In what's becoming an increasingly frequent headline, TV commentator Keith Olbermann has been fired from another job. Olbermann was terminated Friday by Current TV, and replaced by ex-New York Gov. Eliot Spitzer. Olbermann had hosted Countdown, which he brought from MSNBC after his exit there, since June. Sources say Olbermann was let go for various reasons including continual complaints about staff, refusing to toss to other peoples' shows or appear in advertisements with them.

Iraq's “fugitive” Vice President Tareq al-Hashemi has rejected Baghdad's demand for Qatar to extradite him, stating he enjoys constitutional immunity and hasn't been convicted of any crime. Hashemi is accused of having operated a secret death squad in Iraq.
 
 
by Kevin Osborne 03.26.2012
 
 
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Morning News and Stuff

Supporters of low income housing programs are criticizing a bill proposed by U.S. Rep. Steve Chabot (R-Westwood). Chabot's proposal would impose restrictions on people who use the federal Section 8 housing program, which provides vouchers to help poor people pay their rent. Among his changes, people only would be able to use the program for five years. In Cincinnati, however, 53 percent of clients already leave the program within five years. Of the 47 percent who remain, many of them have problems like mental health issues and likely would become homeless and more expensive to deal with for the government, a housing advocate told The Enquirer.

To prepare for an influx of foreign visitors when the World Choir Games begin here in July, a new language translation tool is being launched. Cincinnati-based Globili is testing its text and mobile application for cellphones and smartphones that translates signs, menus and ads into about 50 languages. The event will be held July 4-14 at various locations in downtown and Over-the-Rhine including the Aronoff Center for the Arts and Music Hall.

It's been 147 years since the U.S. Civil War ended, but Kentucky lawmakers are just now getting around to abolishing a pension fund for Confederate veterans. The measure, which passed Kentucky's House of Representatives unanimously on Feb. 29, now heads to the state Senate for a vote. No one who is eligible to receive the pension has been alive for at least 50 years, lawmakers said. I guess things really do move more slowly in the South.

Business at the venerable Blue Wisp Jazz Club has increased since it moved to a new location at Seventh and Race streets in January. The club's owners attribute the jump to more pedestrian traffic and the number of hotels located near the new site. The front room includes a bar and restaurant accessible with no cover charge, while the back room is reserved for performances by Jazz musicians.

Steep spikes and drops on standardized test scores, a pattern that has indicated cheating in Atlanta and other cities across the nation, have occurred in hundreds of school districts and charter schools across Ohio in the past seven years, a Dayton Daily News analysis found. The analysis doesn't prove cheating has occurred in Ohio, but documents show state officials don't employ vigorous statistical analyses to catch possible cheating, discipline only about a dozen teachers a year and direct Ohio’s test vendor to spend just $17,540 on analyzing suspicious scores out of its $39 million annual testing contract.

In news elsewhere, the U.S. Supreme Court begins its constitutional review of the health-care overhaul law today with a basic question: Is the court barred from making such a decision at this time? The justices will hear 90 minutes of argument about whether an obscure 19th-century law — the Anti-Injunction Act — means that the court cannot pass judgment on the law until its key provisions go into effect in 2014.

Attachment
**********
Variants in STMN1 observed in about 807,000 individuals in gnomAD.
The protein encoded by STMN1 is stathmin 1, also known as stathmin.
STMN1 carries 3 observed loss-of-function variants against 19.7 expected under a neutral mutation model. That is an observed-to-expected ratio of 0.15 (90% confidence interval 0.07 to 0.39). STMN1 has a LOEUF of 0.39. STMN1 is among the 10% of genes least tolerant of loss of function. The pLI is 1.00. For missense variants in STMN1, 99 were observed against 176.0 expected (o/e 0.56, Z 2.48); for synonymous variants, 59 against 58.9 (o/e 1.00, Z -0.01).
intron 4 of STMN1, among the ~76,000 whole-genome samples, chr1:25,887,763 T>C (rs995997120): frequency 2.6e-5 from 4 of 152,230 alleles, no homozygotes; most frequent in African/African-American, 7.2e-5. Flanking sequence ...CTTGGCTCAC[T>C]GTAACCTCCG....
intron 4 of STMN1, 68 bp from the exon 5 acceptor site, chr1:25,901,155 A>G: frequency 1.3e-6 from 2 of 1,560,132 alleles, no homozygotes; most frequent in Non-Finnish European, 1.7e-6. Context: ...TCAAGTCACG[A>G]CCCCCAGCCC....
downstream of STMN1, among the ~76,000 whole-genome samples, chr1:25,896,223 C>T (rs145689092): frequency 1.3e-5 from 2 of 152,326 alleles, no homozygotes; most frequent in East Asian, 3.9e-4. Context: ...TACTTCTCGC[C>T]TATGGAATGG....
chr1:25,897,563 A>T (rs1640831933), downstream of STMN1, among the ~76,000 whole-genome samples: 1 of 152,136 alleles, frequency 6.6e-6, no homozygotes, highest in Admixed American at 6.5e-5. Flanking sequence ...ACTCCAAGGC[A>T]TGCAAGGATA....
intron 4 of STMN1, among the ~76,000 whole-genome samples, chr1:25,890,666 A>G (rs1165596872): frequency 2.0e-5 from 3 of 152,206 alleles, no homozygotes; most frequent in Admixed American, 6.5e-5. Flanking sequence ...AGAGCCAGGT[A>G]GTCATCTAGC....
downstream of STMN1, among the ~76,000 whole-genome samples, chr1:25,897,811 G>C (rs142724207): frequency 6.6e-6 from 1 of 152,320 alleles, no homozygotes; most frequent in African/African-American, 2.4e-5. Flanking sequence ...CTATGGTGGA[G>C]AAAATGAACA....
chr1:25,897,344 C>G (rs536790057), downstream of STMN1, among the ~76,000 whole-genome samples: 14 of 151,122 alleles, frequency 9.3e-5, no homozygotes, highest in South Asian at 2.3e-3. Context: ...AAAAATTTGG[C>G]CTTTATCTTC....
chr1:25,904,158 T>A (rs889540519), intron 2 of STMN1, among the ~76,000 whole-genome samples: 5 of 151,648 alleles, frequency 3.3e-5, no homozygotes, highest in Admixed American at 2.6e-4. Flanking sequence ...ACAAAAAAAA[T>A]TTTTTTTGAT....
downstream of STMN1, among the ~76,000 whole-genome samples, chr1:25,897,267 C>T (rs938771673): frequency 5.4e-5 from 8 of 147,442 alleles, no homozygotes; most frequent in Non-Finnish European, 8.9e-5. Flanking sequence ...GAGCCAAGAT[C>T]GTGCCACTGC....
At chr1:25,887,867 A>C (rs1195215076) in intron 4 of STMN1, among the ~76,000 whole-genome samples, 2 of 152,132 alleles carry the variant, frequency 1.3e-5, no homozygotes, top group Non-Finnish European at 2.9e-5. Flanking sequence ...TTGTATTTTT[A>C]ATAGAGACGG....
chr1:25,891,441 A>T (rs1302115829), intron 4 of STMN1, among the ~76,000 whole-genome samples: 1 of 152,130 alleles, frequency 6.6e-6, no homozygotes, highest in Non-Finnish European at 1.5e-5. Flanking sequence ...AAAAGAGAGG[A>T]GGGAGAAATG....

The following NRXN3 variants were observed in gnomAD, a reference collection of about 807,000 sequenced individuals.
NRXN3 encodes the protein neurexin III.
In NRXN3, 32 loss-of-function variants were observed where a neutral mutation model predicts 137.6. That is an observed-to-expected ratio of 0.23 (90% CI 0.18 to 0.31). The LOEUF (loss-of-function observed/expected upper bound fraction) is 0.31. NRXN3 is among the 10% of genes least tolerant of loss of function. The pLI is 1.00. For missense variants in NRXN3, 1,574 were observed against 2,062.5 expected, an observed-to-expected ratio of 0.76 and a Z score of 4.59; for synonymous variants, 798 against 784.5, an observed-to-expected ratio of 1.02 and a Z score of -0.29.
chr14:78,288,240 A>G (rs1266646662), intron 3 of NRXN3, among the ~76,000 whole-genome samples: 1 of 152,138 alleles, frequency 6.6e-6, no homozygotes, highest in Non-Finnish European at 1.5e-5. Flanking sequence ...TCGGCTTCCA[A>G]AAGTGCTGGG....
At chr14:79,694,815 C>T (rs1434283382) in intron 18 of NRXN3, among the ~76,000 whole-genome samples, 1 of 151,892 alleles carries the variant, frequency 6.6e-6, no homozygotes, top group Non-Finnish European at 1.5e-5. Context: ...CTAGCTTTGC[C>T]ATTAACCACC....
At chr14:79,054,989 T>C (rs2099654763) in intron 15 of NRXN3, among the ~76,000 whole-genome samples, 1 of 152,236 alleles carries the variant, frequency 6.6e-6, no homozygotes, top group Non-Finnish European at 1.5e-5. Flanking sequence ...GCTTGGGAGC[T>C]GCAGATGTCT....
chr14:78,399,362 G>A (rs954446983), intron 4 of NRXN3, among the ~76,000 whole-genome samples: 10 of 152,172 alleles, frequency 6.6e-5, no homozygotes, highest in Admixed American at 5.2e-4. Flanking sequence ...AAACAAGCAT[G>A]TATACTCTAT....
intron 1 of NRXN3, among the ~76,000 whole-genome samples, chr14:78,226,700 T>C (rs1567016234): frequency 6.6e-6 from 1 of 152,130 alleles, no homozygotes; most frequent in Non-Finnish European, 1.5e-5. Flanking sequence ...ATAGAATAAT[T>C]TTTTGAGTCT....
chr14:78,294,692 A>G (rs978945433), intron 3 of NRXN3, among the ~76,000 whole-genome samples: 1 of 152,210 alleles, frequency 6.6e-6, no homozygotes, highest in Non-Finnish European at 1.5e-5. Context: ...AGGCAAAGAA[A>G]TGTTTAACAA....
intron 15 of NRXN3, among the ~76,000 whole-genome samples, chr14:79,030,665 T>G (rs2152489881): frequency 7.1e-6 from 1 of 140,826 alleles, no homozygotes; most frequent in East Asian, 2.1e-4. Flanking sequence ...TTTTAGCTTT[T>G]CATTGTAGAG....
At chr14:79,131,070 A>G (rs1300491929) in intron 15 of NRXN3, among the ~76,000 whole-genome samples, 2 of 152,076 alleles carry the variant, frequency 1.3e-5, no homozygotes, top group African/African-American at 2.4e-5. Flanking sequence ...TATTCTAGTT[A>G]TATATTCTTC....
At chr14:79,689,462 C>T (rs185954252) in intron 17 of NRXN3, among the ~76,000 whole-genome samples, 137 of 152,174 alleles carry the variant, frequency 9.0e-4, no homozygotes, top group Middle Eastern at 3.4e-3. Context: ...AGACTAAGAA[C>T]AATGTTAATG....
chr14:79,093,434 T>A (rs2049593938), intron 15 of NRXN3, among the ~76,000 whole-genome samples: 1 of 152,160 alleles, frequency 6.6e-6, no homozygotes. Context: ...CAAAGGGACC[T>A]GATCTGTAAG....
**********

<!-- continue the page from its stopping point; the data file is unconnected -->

When it recently was announced that a U.S. soldier who allegedly went on a shooting spree in Afghanistan would be charged with 17 counts of murder, many people wondered about the number. After all, early reports indicated Army Staff Sgt. Robert Bales, a Norwood native, allegedly killed 16 people. Military officials decided to charge Bales with murder for the death of the unborn baby of one of the victims, a senior Afghan police official said today.

In a possibly related incident, a gunman in an Afghan army uniform killed two NATO soldiers today at a base in southern Afghanistan, NATO's International Security Assistance Force has said. Details were still sketchy, but NATO said in a statement that an individual wearing an Afghan soldier's uniform had turned his weapon against international troops. Coalition forces then returned fire, killing the gunman.

China and the United States have agreed to coordinate their response to any "potential provocation" if North Korea goes ahead with a planned rocket launch, the White House says. North Korea says the long-range rocket will carry a satellite, but U.S. officials say any launch would violate United Nations resolutions and be a missile test.

Somehow, 71-year-old Dick Cheney managed to get a heart transplant Saturday after spending nearly two years on a list waiting for a suitable organ to become available. Cheney, a former U.S. vice president and — some would say — unindicted war criminal, got the transplant even as much younger, healthier people continue to wait for a new heart. (My guess is he made a pact with Beelzebub.) Cheney has had five heart attacks over the years, the first occurring at age 37.

 
 
by Kevin Osborne 10.05.2011
 
 
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Candidates On: City-operated Health Clinics

As part of CityBeat's continuing election coverage, we’ve once again sent a questionnaire to the non-incumbent Cincinnati City Council candidates to get their reactions on a broad range of issues.

Nine of the 14 non-incumbents chose to answer our questions. Others either didn’t respond or couldn’t meet the deadline.

During the next few weeks, we will print the responses from the non-incumbents to a different topic each time.